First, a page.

To be continued….

Notes

80 Ibid. Weinberg. Visions of Victory p.8
81 Ibid. Goerlitz, History of the German General Staff p.346
82 Höhne, Heinze. The Order of the Death’s Head: The Story of Hitler’s SS. Translated by Richard Barry. PenguinBooks, New York and London, 2000. First English edition published by Martin Secker and Warburg Ltd. London 1969. Originally published as Der Orden unter dem Totenkopf, Verlag Der Spiegel, Hamburg 1966 p.259

83 Manstein, Erich von. Forward by B.H. Liddle Hart, Introduction by Martin Blumenson. Lost victories: The War Memoirs of Hitler’s Most Brilliant General. Zenith Press, St Paul MN 2004. First Published 1955 as Verlorene Siege, English Translation 1958 by Methuen Company p.29

84 Ibid. Hohne. Canaris p.347

85 Giziowski, Richard. The Enigma of General Blaskowitz. Hppocrene Books, New York 1997 p.119

86 Ibid. Manstein. Lost Victories p.29

87 Ibid. Goerlitz. The Memoirs of Field Marshal Keitel p.87

88 Wheeler-Bennett, John. The Nemesis of Power: The German Army in Politics 1918-1945. St. Martin’s Press Inc. New York, NY 1954 p.448

89 Ibid. Megargee. War of Annihilation p.13

90 Ibid. Höhne The Order of the Death’s Head p.297

91 Padfield, Peter. Himmler. MJF Books, New York 1990 p.264

92 Ibid. Megargee. War of Annihilation p.13

93 Ibid. Westermann. Hitler’s Police Battalions p.127

94 Ibid. Höhne The Order of the Death’s Head p.297 95 Ibid. Westermann. Hitler’s Police Battalions p.127 96 Ibid. Sydnor Soldiers of Destruction p.37

97 Ibid. Giziowski Blaskowitz p.120

98 Ibid. Witte. The Wehrmacht p.100

99 Ibid. Höhne The Order of the Death’s Head pp. 297-298

100 Ibid. Giziowski Blaskowitz p.120

101 Ibid. Höhne The Order of the Death’s Head p.298

102 Ibid. Witte. The Wehrmacht p.100

103 Newton, Steven H. Hitler’s Commander: Field Marshal Walter Model-Hitler’s Favorite General Da Capo Press a division of Perseus Books Group, Cambridge MA 2005. p.74

104 Ibid. Giziowski. The Enigma of General Blaskowitz pp.165-166

105 Ibid. Sydnor, Soldiers of Destruction pp. 42-43 Note SSVT is the common abbreviation for Verfügungstruppe which was the early designation of the SS Totenkopf Verbande and some other Waffen SS Units.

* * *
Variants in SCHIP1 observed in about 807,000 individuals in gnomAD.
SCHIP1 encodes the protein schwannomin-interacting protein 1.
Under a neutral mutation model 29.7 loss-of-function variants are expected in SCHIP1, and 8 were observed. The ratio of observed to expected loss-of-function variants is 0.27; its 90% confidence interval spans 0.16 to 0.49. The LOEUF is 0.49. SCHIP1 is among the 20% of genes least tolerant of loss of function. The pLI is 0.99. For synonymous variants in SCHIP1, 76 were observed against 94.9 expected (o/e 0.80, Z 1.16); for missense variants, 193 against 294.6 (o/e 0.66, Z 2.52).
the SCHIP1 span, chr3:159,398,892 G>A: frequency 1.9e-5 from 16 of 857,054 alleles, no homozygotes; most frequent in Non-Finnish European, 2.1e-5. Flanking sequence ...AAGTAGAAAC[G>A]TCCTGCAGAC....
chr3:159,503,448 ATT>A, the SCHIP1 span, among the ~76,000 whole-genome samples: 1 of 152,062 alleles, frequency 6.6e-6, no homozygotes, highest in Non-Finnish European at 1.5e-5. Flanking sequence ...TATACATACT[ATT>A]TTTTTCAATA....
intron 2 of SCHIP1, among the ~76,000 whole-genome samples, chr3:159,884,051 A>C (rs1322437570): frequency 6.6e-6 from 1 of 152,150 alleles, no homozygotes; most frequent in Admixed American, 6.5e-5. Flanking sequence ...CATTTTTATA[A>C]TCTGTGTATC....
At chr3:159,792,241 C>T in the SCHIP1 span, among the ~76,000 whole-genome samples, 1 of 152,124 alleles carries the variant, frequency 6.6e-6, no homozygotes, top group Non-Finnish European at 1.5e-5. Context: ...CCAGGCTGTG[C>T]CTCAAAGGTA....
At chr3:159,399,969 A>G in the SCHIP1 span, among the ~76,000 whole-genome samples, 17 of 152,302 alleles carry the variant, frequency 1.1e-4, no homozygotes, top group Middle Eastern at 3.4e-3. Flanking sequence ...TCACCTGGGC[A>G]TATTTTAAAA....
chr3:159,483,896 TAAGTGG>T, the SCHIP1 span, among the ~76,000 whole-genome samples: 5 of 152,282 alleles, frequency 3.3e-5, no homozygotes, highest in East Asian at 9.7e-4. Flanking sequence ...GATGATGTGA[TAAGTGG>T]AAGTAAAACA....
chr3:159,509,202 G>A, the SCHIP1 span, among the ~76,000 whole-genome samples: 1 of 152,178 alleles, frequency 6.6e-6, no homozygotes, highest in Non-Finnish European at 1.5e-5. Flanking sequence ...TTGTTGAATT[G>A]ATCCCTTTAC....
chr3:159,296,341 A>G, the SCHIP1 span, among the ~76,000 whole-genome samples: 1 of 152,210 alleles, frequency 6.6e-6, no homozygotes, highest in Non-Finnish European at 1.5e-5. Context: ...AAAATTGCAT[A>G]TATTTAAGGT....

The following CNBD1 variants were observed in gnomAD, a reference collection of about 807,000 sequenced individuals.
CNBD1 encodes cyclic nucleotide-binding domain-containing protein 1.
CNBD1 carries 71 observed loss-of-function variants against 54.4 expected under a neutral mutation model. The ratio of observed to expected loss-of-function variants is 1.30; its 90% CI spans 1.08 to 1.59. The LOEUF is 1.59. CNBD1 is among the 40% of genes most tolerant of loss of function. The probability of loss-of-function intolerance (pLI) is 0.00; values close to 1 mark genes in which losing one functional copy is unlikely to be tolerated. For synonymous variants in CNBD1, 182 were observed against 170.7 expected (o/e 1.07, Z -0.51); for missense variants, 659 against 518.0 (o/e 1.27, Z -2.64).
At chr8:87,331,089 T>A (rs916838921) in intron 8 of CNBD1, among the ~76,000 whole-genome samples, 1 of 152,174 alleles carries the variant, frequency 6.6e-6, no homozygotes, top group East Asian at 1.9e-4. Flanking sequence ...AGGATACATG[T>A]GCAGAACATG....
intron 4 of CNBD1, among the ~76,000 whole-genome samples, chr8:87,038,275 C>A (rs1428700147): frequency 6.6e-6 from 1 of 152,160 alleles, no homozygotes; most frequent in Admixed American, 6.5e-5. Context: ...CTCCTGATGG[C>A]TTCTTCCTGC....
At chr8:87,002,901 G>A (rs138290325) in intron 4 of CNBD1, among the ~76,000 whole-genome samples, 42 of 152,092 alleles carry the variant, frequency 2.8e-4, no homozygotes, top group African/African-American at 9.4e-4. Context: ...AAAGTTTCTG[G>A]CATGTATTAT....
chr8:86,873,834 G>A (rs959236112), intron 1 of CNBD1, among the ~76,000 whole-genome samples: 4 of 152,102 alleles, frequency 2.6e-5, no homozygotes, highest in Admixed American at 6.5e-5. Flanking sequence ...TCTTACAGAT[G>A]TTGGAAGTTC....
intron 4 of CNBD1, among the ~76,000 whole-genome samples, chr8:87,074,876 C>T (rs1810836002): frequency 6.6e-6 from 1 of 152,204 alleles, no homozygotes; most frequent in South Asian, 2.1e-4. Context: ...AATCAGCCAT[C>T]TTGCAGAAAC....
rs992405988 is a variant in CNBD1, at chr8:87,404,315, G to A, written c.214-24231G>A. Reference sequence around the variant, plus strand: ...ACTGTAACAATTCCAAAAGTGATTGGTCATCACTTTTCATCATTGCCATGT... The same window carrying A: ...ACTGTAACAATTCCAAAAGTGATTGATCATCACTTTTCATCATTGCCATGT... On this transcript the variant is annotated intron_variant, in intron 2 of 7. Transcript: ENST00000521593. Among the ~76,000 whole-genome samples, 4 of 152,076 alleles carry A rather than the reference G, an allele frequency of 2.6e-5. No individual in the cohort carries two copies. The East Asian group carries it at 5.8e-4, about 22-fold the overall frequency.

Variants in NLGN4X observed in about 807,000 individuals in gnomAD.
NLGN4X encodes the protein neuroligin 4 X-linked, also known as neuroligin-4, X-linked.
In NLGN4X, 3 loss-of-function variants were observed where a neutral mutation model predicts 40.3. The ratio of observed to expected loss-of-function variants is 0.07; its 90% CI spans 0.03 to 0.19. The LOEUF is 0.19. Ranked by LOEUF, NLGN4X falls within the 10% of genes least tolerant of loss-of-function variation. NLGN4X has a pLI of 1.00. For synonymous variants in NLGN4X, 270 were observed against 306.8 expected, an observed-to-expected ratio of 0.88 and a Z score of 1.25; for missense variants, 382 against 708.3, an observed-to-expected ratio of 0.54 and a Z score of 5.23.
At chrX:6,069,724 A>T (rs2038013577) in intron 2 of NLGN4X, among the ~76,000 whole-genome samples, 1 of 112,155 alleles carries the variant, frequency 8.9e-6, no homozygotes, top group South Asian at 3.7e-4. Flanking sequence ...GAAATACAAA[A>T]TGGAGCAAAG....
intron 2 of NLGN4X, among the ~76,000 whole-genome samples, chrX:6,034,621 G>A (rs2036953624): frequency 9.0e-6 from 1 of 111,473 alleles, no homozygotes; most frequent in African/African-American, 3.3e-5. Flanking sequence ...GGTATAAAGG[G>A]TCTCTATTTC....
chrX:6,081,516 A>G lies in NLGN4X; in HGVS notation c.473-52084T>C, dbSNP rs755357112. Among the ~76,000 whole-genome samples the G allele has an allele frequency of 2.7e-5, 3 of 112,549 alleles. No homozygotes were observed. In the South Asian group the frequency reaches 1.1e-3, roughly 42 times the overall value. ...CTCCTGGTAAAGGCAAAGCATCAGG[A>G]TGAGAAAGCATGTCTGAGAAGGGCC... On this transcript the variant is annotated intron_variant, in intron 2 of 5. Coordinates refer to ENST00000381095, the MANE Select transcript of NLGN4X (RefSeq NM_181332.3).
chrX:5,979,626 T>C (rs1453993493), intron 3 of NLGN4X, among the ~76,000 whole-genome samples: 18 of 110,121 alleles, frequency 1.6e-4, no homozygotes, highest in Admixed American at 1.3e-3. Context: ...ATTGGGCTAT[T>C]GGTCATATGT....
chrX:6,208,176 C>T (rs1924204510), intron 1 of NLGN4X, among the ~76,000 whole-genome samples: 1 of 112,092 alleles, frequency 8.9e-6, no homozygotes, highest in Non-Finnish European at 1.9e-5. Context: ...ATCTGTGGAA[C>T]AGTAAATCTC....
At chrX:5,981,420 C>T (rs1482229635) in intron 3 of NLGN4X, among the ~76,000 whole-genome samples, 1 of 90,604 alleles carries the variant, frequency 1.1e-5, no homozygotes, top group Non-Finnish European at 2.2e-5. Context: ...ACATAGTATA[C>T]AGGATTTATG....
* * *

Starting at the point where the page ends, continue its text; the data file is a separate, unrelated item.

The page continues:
106 Ibid. Goerlitz. History of the German General Staff p.359

107 Ibid. Newton. Hitler’s Commander p.78

108 Ibid. Witte The Wehrmacht p.102

109 Ibid. Höhne The Order of the Death’s Head p.298

110 Ibid. Goerlitz. History of the German General Staff .p.359 111 Ibid. Giziowski. The Enigma of General Blaskowitz p.173 112 Ibid. Giziowski. TheEnigma of General Blaskowitz p.173

113 Ibid. Witte The Wehrmacht p.102

114 Burleigh, Michael and Wippermann, Wolfgang. The Racial State: Germany 1933-1945 Cambridge University Press, New York NY and Cambridge UK 1991. p.100

115 Ibid. Witte The Wehrmacht p.102

116 For a good account of one of the Police Battalions see Ordinary Men: Reserve Police Battalion 101 and the Final Solution in Poland by Christopher Browning Harper Perennial Publishers, San Francisco CA 1992

117 Reitlinger, Gerald. The SS: Alibi of a Nation. The Viking Press, New York, 1957. Republished by Da Capo Press, New York, NY p.131

118 Ibid. Davidowicz The War Against the Jews pp.395-397

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Filed under crime, ethics, History, holocaust, Military, nazi germany, Political Commentary, world war two in europe

The Freedom Summer and Southern Justice: A Lesson for Us Today


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Norman Rockwell’s “Southern Justice” 

Friends of Padre Steve’s World,

I have had a very stressful week regarding something that happened last month that I may write about in the future. All is well now but the events of the past week have caused me to do some more reflection on the state of our society today. So tonight I am going back to the vault to reflect on the killings of three young civil rights workers during the Freedom Summer of 1964. Their brutal murders by Ku Klux Klan members aided and abetted by law enforcement officials was memorialized in Norman Rockwell’s painting Southern Justice and dramatized in the film Mississippi Burning. It is import that we remember this because the ideology and spirit of their killers is rising again in too many places in this country, and not just in the South, but in the White House and the Justice Department. 

Please never forget their sacrifice and why it is important to fight for real justice. 

Peace

Padre Steve+

Fifty-four years ago three young men working to register blacks to vote as part of the Freedom Summer in Mississippi were brutally murdered by members of the Ku Klux Klan.

The men, twenty year old Andrew Goodman from New York City, was a progressive activist and Anthropology student at Queens College. Twenty-four year old Mickey Schwerner was a graduate student at Columbia University’s School of Social Work. Both Goodman and Schwerner were Jewish. Twenty-one year old James Chaney was from Meridian Mississippi and was a volunteer with CORE, the Congress of Racial Equity working on voter registration and education with local churches.